Participants were followed for 14 years, during which 33,731 men and 18,784 women died. Overall, coffee drinkers were more likely to smoke cigarettes; consume >3 alcoholic drinks/day; eat red meat; have a lower level of education; be less likely to exercise; eat fewer fruits, vegetables, and white meat. They were less likely to report having diabetes (more so with women).
In their primary analysis, investigators computed hazard ratios (95% confidence intervals) for death associated with coffee consumption (<1, 1, 2, 3, 4, 5, ≥6 cups daily) as compared to no coffee consumption. The level of significance was set at P<0.5. For their secondary analysis, investigators determined risk estimates for categories of consumption of caffeinated and decaffeinated coffee.
Approximately 2/3 of coffee drinkers reported drinking caffeinated coffee. A subgroup analysis found similar results for both caffeinated and decaffeinated coffee drinkers. Smoking status (current vs. never or former smokers) was shown to significantly influence both total and cause-specific mortality for both genders (men: P<0.001 for interaction; women: P=0.002 for interaction). Self-reported health at baseline (good or very good to excellent health vs. poor to fair health) was also shown to significantly influence total and cause-specific mortality (P<0.001 for interaction, both genders). Stronger associations were noted with better health.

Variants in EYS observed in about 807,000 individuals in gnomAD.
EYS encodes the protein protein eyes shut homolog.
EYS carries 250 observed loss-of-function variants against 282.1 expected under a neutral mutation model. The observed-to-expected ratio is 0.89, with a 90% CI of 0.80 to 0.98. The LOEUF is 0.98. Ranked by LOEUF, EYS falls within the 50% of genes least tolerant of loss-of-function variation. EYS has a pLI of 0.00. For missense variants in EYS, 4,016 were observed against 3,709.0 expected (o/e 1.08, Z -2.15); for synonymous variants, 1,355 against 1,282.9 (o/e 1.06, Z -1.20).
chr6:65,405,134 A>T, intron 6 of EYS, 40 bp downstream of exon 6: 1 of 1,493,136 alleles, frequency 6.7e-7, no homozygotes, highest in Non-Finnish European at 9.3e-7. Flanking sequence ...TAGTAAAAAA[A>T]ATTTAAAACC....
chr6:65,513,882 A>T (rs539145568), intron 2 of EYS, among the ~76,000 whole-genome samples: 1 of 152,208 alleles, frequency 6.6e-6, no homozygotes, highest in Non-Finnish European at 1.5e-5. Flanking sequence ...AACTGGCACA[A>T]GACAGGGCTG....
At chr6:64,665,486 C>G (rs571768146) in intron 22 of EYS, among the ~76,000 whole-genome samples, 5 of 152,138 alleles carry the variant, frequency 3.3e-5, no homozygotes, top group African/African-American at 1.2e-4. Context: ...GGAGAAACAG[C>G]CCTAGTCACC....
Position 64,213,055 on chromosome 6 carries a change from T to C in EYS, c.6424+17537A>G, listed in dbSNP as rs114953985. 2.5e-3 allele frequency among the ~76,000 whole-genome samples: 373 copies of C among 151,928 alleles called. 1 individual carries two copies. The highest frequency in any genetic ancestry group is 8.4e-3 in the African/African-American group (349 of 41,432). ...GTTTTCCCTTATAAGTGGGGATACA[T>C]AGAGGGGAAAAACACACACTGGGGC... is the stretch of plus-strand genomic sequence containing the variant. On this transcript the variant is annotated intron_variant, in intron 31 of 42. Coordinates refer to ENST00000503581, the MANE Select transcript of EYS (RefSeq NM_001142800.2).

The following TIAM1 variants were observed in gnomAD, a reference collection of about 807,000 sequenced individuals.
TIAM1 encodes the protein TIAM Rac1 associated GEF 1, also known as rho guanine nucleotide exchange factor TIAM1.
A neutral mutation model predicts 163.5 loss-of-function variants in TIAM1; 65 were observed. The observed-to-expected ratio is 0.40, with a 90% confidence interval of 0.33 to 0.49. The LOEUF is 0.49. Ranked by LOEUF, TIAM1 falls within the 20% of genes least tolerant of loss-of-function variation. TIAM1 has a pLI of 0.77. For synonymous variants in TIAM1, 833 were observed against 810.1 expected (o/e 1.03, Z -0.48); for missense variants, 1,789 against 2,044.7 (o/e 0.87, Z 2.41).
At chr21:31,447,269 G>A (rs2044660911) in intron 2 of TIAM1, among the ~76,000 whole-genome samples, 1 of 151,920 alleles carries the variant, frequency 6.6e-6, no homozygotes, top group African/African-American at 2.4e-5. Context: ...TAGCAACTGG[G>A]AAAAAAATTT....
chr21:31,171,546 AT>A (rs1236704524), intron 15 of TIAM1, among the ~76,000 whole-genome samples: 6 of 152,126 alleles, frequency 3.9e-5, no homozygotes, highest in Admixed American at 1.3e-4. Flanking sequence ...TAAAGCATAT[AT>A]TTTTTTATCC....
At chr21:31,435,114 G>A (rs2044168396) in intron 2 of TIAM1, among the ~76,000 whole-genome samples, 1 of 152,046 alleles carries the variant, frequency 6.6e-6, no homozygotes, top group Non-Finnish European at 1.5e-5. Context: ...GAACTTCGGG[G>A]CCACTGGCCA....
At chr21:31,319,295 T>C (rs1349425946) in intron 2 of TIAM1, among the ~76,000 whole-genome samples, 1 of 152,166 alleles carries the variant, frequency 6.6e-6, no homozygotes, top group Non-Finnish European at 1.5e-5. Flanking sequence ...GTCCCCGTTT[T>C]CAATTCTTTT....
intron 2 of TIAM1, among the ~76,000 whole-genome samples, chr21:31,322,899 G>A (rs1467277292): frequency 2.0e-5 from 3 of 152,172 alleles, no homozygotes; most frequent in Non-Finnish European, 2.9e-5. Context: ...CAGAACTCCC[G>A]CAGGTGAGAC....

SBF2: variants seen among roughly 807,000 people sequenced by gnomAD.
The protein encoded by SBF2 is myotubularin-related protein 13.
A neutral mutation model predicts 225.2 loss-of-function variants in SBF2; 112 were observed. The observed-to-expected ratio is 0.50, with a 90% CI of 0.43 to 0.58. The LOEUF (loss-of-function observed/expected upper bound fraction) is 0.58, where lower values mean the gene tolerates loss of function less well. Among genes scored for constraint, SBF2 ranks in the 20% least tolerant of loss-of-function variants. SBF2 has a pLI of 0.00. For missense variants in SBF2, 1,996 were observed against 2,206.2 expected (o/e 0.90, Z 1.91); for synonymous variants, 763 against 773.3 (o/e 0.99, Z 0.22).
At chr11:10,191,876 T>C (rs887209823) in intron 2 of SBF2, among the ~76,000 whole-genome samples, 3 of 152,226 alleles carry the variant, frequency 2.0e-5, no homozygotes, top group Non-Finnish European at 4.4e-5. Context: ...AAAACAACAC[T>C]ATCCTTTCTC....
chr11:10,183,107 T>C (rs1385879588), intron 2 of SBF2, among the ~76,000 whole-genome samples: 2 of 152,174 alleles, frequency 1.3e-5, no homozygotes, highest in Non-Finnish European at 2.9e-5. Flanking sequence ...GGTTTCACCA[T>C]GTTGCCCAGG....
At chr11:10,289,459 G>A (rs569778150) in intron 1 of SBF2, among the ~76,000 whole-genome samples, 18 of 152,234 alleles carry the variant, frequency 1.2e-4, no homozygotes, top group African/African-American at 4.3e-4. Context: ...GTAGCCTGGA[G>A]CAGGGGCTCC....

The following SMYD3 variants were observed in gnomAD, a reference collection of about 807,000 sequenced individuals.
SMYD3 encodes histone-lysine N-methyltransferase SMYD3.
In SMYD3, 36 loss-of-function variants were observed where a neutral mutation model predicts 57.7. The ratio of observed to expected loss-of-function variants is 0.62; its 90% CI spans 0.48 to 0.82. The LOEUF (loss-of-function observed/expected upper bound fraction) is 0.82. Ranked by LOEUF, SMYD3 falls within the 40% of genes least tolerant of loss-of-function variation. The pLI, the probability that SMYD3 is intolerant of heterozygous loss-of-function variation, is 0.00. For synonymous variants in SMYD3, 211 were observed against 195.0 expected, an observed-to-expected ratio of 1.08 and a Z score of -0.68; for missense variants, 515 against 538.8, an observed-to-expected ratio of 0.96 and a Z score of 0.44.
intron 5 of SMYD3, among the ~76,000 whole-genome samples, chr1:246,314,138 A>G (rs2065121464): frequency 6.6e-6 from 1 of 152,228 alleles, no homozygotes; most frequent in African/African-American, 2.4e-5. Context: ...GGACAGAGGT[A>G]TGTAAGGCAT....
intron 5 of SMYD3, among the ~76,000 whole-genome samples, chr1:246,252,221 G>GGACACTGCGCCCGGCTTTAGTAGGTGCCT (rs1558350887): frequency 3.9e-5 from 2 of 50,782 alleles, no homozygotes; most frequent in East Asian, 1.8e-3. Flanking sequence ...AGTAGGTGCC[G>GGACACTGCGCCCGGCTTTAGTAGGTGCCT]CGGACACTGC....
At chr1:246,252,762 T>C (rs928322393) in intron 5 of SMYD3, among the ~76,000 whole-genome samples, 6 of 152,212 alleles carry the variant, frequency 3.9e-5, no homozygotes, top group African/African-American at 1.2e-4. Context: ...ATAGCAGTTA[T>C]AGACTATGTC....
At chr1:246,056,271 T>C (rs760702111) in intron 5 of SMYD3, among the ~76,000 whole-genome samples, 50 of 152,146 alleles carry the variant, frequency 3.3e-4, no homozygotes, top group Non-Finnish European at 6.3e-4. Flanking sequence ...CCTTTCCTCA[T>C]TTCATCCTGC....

After adjusting for potential confounders, drinking ≥6 cups of coffee daily was associated with a 10% reduction in total mortality for men [HR=0.90 (0.85–0.96); P-value for trend <0.001]. This analysis also revealed significant reductions in cause-specific mortality. Men who reported drinking ≥6 cups of coffee daily were 40% less likely to die from diabetes [HR=0.60 (0.39–0.94); P-value for trend <0.001]; 41% less likely to die from infections [HR=0.59 (0.37–0.95); P-value for trend=0.001]; and 28% less likely to die from all other causes [HR=0.72 (0.61–0.84); P-value for trend <0.001].
Among women who reported drinking ≥6 cups of coffee daily, the adjusted analysis showed an associated 15% reduction in total mortality [HR=0.85 (0.78–0.93); P-value for trend <0.001]. Drinking ≥6 cups of coffee daily was also associated with significant reductions in cause-specific mortality. Women were 28% less likely to die from heart disease [HR=0.72 (0.59–0.88); P-value for trend <0.001]; 23% less likely to die from respiratory disease [HR=0.77 (0.61–0.99); P-value for trend <0.001]; and 28% less likely to die from all other causes [HR=0.72 (0.57–0.90); P-value for trend <0.001].